Tony Takitani


Robin Clifford of Reeling Reviews
Robin Clifford 
Tony Takitani
Tony Takitani
Laura Clifford of Reeling Reviews
Laura Clifford 

Tony (Issei Ogata) lost his mother as a young boy and was abandoned by his jazz-playing father during the war. He has become a competent, if passionless, graphic artist and developed a fascination for co-worker  Eiko (Rie Miyazawa), a pretty woman 15 years his junior, and they marry. But, he doesn’t realize the extent of her obsession for high-end fashion, an fixation that will tragically change his life in “Tony Takitani.”

Robin:
Helmer/scribe Jun Ichikawa adapts the short story, by Haruki Murakami, in a tale of loneliness, fear of being alone, intense consumerism and love found and, through misunderstanding and tragedy, love lost.

Tony has been alone most of his life, spending his time with his work and not much else. He becomes smitten with Eiko and the way she wears her expensive designer clothes, even after she confesses that most of her meager salary is spent on said clothes and all the accessories. They marry and Tony’s loneliness abates but is replaced by his concern that, just maybe, his wife spends a little too much money on her expensive frocks. Though Eiko makes a valiant attempt to curb her copious spending, it takes just a moment to make a fateful wrong decision.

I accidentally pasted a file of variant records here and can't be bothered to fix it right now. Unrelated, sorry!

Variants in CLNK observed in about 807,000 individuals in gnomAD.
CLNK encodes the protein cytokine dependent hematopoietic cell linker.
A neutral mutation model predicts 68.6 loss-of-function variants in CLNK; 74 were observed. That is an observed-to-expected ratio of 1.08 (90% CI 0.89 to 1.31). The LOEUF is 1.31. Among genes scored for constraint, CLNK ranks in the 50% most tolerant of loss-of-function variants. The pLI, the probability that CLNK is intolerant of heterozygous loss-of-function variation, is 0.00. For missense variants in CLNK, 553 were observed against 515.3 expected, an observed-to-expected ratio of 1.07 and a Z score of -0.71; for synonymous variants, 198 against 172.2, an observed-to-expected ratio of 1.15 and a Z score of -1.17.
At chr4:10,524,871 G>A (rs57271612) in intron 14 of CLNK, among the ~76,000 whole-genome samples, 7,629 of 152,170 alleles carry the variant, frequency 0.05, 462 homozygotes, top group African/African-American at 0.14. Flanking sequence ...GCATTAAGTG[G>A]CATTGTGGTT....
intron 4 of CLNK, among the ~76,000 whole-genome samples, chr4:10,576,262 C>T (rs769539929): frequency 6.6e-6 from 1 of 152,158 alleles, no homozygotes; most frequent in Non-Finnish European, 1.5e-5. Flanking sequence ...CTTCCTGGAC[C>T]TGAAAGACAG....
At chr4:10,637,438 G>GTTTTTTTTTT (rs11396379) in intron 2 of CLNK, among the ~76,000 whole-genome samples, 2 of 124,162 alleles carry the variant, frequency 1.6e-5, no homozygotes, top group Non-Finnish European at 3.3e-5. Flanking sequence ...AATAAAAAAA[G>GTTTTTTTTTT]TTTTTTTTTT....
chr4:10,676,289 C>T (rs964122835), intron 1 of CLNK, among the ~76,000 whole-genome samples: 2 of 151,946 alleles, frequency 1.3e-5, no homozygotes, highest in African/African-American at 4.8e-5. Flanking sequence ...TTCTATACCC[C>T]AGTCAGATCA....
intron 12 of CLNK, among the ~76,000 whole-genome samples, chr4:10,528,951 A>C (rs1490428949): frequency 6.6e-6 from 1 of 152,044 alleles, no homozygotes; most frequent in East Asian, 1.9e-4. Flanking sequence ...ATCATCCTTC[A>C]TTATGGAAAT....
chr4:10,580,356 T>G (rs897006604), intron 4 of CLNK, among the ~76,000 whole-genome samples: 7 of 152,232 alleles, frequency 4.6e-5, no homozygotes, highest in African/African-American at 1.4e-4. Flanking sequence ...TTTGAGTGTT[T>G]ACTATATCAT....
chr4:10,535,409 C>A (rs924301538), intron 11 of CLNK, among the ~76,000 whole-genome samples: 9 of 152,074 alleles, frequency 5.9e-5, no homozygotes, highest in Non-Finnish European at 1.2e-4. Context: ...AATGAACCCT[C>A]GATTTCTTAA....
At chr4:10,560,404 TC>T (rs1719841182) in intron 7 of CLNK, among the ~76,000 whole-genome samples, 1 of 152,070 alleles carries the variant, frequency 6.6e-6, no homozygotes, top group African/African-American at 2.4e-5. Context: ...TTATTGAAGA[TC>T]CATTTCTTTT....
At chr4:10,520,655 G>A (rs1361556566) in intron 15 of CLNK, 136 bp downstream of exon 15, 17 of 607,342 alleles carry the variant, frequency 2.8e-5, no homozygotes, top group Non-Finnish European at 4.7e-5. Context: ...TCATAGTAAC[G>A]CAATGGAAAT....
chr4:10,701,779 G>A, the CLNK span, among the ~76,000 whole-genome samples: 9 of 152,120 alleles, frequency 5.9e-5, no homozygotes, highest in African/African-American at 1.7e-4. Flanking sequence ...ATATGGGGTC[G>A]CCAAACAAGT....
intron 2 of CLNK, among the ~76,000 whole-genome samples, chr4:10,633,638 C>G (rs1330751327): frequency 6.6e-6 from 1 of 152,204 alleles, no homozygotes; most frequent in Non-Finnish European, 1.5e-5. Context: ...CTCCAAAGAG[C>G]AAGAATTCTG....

The tragic event thrusts Tony back into his perpetual state of loneliness. He is afraid of being alone again after a lifetime of solitary loneliness. Stuck with his pain and a room full of size 7, very expensive designer clothes – and we are not talking knock offs – he puts advertises for a secretary. The job description includes, besides filing and buying office supplies, that the applicant be of that particular size and must wear the clothes. He hires Hisako (Rie Miyazawa again, playing two roles) who fits the bill (and strongly resembles Eiko) and is pleased with the opportunity to wear some really fine rags.  When she sees the vast, elegant wardrobe she is overwhelmed and quits, leaving Tony alone and lonely, again. The story ends on a sad, melancholy note as he revisits, in his mind, with his long dead father who left him alone so long ago.